Earlier this week a colleague of mine brought two articles to my attention…. The first was an article about “Why EMC may buy out VMware”, the second was a complete reversal – “Why VMware may buy out EMC”.
Interesting articles to read…..
EMC buying out the remaining stake of VMware and taking it in house has always been talked about! I don’t think a month goes by without someone within EMC suggesting this route of action.
In my opinion, EMC’s acquisitions have more often than not been really clever in leveraging emerging technologies (or plugging gaps in their portfolio) – Data Domain, Avamar, Isilon, XtremIO. Even the software acquisitions have been smart – Legato Networker, Documentum, VMware, TwinStrata, Virtustream. I was a bit surprised when EMC decided to offload 15% of VMware shares back in 2007 for an IPO, previous acquisitions had been completely absorbed by the corporation, but with VMware they decided to give them their own free rein and identity.
With the vast expansion into virtualisation and cloud technologies, EMC have probably realised that sooner or later software is going to be the way to go….. Software intelligence deployed on commodity tin! So it comes as no surprise that a so-called buy out is on the cards again.
The keen financiers amongst us will have noticed that VMware’s share price is significantly higher than EMCs ($86 compare to $26 as of market close yesterday), and that they account for almost 75% of EMCs valuation – which means any sort of VMware spin-out will severely weaken EMC as a corporation!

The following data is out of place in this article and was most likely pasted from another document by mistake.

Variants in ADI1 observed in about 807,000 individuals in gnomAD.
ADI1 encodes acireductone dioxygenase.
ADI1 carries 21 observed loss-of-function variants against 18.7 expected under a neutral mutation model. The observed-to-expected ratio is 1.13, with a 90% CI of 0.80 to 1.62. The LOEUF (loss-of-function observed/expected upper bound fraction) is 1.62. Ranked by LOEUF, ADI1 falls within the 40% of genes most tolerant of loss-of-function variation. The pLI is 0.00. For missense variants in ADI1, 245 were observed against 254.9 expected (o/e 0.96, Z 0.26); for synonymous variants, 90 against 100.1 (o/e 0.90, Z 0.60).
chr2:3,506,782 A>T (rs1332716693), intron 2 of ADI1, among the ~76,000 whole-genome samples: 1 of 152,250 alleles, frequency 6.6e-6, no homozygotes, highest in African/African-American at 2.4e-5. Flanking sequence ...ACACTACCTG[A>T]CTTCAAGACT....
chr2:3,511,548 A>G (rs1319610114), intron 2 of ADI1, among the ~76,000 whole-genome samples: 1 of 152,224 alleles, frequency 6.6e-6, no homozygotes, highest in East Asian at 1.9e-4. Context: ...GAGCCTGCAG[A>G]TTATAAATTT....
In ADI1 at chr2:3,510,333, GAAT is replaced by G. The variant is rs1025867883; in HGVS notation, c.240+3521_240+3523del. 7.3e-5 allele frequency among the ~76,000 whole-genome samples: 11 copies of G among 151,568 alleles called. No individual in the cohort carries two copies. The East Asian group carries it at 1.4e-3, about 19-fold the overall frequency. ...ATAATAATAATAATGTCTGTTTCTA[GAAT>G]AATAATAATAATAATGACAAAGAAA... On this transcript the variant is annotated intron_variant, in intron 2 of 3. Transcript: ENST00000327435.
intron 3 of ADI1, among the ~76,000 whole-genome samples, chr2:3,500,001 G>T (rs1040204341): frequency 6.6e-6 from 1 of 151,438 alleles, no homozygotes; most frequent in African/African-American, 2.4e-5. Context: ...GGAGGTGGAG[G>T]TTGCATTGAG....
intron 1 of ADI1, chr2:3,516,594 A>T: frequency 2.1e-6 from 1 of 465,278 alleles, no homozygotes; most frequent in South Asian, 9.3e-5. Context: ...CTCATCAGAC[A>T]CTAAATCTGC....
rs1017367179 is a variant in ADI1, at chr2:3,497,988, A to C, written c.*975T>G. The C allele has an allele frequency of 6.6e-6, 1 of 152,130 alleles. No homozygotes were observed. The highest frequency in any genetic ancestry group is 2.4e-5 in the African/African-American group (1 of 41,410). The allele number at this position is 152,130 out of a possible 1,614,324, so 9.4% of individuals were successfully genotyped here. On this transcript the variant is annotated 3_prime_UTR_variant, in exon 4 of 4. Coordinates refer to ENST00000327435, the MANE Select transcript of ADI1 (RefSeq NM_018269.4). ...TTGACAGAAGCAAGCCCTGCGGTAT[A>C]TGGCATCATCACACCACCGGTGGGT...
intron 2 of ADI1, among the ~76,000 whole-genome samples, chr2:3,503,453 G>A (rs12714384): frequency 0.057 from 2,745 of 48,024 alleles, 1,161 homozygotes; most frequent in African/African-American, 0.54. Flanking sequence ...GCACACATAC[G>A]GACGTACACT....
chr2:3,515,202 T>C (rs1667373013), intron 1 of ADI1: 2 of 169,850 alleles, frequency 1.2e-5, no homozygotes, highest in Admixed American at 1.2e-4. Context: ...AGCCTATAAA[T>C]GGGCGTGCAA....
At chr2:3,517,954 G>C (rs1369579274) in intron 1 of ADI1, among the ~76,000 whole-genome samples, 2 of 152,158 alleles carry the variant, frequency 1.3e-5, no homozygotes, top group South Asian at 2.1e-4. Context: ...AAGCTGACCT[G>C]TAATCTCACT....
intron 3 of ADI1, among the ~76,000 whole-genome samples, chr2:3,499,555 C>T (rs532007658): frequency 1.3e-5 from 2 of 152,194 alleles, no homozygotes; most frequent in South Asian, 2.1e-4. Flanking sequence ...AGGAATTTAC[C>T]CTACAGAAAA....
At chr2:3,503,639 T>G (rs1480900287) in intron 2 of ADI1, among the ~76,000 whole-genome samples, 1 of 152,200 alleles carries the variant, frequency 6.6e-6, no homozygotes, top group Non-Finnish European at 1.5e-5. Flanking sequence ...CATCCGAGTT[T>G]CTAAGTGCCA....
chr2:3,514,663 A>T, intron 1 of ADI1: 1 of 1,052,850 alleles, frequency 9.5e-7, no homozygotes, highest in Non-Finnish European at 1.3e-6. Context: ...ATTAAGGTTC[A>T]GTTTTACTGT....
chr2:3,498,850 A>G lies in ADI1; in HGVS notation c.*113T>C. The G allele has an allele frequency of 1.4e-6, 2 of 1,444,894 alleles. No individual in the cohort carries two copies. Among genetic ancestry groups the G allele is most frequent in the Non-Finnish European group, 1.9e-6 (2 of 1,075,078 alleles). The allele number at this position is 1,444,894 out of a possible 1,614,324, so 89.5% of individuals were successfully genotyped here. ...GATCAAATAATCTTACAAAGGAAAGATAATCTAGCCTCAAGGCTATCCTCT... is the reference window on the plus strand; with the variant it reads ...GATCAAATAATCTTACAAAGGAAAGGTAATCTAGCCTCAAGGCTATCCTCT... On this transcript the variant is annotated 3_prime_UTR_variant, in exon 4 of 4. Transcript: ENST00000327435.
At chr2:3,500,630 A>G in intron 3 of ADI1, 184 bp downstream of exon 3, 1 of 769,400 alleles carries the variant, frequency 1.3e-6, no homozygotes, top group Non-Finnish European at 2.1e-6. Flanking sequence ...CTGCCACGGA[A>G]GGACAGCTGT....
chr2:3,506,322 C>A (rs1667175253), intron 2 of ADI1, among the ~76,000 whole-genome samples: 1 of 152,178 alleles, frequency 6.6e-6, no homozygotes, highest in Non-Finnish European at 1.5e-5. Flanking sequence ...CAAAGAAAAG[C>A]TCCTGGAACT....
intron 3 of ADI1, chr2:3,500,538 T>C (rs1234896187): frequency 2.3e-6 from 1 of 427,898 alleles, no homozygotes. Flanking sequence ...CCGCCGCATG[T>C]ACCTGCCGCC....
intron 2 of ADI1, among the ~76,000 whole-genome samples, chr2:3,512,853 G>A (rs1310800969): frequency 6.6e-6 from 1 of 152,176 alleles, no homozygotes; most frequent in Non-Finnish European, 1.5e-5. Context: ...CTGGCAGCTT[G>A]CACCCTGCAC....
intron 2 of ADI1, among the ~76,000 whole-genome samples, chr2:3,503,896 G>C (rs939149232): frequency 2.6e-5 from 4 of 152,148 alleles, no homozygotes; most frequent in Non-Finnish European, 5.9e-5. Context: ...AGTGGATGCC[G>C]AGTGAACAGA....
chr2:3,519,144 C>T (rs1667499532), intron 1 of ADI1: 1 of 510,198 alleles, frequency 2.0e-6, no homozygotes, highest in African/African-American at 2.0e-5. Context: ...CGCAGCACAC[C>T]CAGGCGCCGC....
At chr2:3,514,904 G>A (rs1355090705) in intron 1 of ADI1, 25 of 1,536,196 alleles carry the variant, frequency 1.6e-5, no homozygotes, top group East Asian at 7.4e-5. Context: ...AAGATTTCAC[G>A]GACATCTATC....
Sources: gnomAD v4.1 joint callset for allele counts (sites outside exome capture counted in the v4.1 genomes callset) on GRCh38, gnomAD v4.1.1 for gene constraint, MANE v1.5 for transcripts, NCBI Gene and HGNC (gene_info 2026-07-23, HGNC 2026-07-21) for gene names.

An EMC/VMware merger would obviously save them quite a bit in operating expenditure as there is probably quite a lot of overlap, it was reported cost savings if such a merger occurred could be up to $1bn. Not to mention it would allow EMC to reap the benefits of reporting on VMware’s earnings as their own!
However, whether EMC buys out VMware or vice-versa, I don’t hesitate to think that the end-user would be the most affected by such a merger.
Because VMware is its own entity, it offers virtualisation across heterogeneous hardware… any sort of merger would surely mean that there would be a shift towards favouring its own products – ie EMC storage, backup, etc. What would happen to VMware’s future R&D and partner relationships with the likes of NetApp, Cisco, HP, etc? Yes, a merger may bring closer ‘federation’ between EMC products and VMware, but it would have a detrimental effect to customers who don’t have EMC products. (Just look at how Oracle prefers its customers to run Oracle on Exadata – yes you can run it on other systems, but licensing is so complex!)
What about the products that overlap, Virtual SAN and ScaleIO being two products that immediately come to mind – they both compete in the Software Defined Storage market using local hard drives to create a storage pool. Then there’s RecoverPoint for VM against vSphere Replication and vCenter Site Recovery Manager, both are DR solutions. Another semi-competing product is EMC Storage Resource Manager and VMware vRealize Operations – both can do monitoring and reporting of virtual environments.
Whilst a merger sounds enticing to shareholders and both corporations, I feel that it’ll be end-users that lose out on the innovations that VMware brings without being shackled to one hardware vendor – I’m guessing some sort of legal guarantee has to be put in place to offer fair competition if such a merger was to occur.